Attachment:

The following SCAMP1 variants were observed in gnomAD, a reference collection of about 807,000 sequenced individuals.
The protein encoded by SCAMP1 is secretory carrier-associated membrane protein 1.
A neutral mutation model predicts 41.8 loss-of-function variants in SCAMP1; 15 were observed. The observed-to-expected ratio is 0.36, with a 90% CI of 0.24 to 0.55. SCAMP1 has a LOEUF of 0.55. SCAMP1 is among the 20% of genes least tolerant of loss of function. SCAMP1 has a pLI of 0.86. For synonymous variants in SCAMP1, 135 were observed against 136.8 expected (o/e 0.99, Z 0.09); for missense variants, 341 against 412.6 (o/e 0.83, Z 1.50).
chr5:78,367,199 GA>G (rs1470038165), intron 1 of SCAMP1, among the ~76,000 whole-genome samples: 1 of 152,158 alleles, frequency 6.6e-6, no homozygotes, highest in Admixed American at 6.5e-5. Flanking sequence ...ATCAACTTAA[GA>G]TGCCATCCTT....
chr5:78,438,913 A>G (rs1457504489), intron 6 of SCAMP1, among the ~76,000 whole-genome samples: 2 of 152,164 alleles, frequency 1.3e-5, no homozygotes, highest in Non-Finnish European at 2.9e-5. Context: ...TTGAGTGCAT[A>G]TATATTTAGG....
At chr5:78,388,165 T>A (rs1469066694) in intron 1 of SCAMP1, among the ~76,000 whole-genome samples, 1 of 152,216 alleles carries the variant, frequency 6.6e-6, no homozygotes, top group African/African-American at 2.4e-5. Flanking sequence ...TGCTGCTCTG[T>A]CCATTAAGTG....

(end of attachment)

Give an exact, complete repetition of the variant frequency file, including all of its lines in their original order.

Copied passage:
The following SCAMP1 variants were observed in gnomAD, a reference collection of about 807,000 sequenced individuals.
The protein encoded by SCAMP1 is secretory carrier-associated membrane protein 1.
A neutral mutation model predicts 41.8 loss-of-function variants in SCAMP1; 15 were observed. The observed-to-expected ratio is 0.36, with a 90% CI of 0.24 to 0.55. SCAMP1 has a LOEUF of 0.55. SCAMP1 is among the 20% of genes least tolerant of loss of function. SCAMP1 has a pLI of 0.86. For synonymous variants in SCAMP1, 135 were observed against 136.8 expected (o/e 0.99, Z 0.09); for missense variants, 341 against 412.6 (o/e 0.83, Z 1.50).
chr5:78,367,199 GA>G (rs1470038165), intron 1 of SCAMP1, among the ~76,000 whole-genome samples: 1 of 152,158 alleles, frequency 6.6e-6, no homozygotes, highest in Admixed American at 6.5e-5. Flanking sequence ...ATCAACTTAA[GA>G]TGCCATCCTT....
chr5:78,438,913 A>G (rs1457504489), intron 6 of SCAMP1, among the ~76,000 whole-genome samples: 2 of 152,164 alleles, frequency 1.3e-5, no homozygotes, highest in Non-Finnish European at 2.9e-5. Context: ...TTGAGTGCAT[A>G]TATATTTAGG....
At chr5:78,388,165 T>A (rs1469066694) in intron 1 of SCAMP1, among the ~76,000 whole-genome samples, 1 of 152,216 alleles carries the variant, frequency 6.6e-6, no homozygotes, top group African/African-American at 2.4e-5. Flanking sequence ...TGCTGCTCTG[T>A]CCATTAAGTG....